Attorneys representing parents suing over the coronavirus-related ban on in-person schooling argued in their opening brief with an appellate panel that the “state’s disastrous experiment with so-called distance learning” has hit minority, poor and disabled students the hardest, according to court papers obtained Tuesday.
The lawsuit, filed in July in Los Angeles federal court by the Center For American Liberty and the Dhillon Law Group, seeks to overturn Gov. Gavin Newsom’s restrictions on in-person learning, which the plaintiffs allege are unconstitutional and driven by a political agenda.
A Los Angeles federal judge granted an unprompted early judgment in favor of the defendants early last month, leaving public and private school facilities closed across most of the state, resulting in the center’s filing Monday with the U.S. 9th Circuit Court of Appeals.
“The right to a basic minimum education is fundamental — it is deeply rooted in our nation’s history and traditions and inherent in the concept of ordered liberty — but the state’s disastrous experiment with so-called distance learning has deprived them of this basic right in violation of the due process clause,” according to the center’s opening brief.
“These hardships fell even more harshly on minority, poor, and disabled students. Online participation for these students was often less than 10%. The July 7 study by LAUSD found that Black and Latino students showed participation rates between 10 and 20 percentage points lower than white and Asian peers.”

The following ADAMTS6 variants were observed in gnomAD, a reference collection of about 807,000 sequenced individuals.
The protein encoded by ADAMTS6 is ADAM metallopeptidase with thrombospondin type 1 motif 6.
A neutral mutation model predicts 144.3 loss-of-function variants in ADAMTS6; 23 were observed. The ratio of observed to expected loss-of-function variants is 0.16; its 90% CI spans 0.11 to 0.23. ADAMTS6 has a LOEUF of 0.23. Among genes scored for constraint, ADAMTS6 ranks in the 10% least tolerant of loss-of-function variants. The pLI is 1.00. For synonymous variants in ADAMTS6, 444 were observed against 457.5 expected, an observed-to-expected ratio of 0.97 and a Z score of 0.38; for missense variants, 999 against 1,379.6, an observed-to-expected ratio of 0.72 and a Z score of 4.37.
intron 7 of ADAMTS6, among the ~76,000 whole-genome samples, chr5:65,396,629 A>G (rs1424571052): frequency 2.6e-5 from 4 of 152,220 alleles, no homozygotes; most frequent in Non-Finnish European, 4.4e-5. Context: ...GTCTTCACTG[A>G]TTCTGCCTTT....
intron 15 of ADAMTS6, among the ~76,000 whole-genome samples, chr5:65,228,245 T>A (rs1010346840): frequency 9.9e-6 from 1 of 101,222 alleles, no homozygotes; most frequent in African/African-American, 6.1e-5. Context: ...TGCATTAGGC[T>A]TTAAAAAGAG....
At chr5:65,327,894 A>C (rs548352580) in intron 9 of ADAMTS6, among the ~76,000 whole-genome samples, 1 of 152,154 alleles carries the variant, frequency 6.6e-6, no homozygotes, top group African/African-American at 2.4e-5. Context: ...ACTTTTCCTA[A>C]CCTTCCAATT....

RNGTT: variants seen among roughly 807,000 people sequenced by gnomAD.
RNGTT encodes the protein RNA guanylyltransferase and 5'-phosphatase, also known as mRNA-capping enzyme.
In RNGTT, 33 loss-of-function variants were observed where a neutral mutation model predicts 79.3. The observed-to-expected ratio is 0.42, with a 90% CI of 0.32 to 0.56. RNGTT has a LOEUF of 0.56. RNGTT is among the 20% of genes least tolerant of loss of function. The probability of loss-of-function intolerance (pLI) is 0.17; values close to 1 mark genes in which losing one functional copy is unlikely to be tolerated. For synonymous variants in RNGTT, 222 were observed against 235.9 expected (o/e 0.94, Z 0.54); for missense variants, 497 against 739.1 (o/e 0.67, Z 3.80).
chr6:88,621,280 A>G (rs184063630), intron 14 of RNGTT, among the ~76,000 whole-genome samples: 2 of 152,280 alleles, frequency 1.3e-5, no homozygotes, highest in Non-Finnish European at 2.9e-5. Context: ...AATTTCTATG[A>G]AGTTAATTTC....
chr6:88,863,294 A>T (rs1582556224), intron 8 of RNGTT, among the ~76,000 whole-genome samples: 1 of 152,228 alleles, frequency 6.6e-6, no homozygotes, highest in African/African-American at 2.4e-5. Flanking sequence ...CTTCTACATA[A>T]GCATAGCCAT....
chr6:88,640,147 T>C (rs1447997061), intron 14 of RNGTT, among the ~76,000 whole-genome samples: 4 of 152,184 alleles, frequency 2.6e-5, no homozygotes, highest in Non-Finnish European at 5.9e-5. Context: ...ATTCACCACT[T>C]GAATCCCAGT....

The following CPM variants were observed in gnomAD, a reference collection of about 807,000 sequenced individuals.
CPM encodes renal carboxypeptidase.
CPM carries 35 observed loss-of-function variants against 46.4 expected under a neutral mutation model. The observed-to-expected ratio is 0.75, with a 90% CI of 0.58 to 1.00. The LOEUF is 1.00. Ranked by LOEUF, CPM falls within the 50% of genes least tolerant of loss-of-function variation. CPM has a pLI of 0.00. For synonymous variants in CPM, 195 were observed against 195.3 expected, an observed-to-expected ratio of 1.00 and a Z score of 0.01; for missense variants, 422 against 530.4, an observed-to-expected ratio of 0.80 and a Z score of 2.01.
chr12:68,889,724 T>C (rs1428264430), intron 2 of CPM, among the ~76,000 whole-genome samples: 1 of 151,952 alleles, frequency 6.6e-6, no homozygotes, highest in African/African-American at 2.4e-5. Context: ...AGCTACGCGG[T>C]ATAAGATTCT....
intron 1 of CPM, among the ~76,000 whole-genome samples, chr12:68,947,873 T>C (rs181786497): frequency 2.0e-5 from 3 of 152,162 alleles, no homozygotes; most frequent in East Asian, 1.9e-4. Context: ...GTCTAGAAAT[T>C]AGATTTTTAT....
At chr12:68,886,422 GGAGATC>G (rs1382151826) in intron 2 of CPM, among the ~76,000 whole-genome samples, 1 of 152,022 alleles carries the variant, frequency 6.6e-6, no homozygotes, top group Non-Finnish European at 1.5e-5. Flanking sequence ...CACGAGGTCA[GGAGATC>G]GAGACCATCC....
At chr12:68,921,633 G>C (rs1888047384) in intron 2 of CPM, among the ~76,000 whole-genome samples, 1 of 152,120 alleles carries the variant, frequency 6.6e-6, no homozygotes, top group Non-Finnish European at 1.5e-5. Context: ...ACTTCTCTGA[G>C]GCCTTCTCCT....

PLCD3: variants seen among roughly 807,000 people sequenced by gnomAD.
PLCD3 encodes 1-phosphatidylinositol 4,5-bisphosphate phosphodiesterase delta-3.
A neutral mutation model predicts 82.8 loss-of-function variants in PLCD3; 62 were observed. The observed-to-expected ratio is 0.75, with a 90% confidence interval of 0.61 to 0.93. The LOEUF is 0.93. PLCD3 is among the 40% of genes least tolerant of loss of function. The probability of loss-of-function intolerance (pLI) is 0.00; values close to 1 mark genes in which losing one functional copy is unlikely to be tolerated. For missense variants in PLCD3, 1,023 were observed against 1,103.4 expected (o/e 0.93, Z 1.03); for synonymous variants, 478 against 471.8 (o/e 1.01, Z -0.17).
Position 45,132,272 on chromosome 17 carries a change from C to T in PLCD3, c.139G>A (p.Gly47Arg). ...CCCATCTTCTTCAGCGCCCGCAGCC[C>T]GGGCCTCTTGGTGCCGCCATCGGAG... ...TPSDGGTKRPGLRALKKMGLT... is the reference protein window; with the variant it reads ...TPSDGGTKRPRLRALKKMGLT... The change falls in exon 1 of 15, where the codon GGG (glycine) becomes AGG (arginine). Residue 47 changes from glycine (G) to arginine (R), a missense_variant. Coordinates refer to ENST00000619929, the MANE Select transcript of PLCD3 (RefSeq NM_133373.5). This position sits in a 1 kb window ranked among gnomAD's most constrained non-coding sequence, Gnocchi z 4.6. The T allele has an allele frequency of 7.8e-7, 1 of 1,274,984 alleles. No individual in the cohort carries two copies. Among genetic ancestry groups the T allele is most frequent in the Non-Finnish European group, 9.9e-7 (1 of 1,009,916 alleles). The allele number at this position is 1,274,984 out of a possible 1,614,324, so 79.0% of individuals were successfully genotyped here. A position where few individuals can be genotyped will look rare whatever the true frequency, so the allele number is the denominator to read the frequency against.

On Dec. 30, Newsom announced a $2 billion “Safe Schools for All” plan to encourage more schools throughout the state to reopen for in-person instruction this year. Schools would only qualify in counties with lower infection rates. Kindergarten through sixth grade is prioritized in the phased-in proposal, which would need the California Legislature’s approval.
“The liberal elites running California continue to create two sets of rules — one of Michelin-starred dining and privilege that they enjoy and the other a massive shutdown that deprives children their right to an education, deprives the faith community the right to worship, and deprives small business owners their right to earn a living,” said Harmeet K. Dhillon, CEO of the Center for American Liberty.
“That is why we are taking our lawsuit to reopen California schools to the Ninth Circuit Court of Appeals to ensure that all children in California, regardless of their ZIP code, are afforded the same fundamental right to education.”
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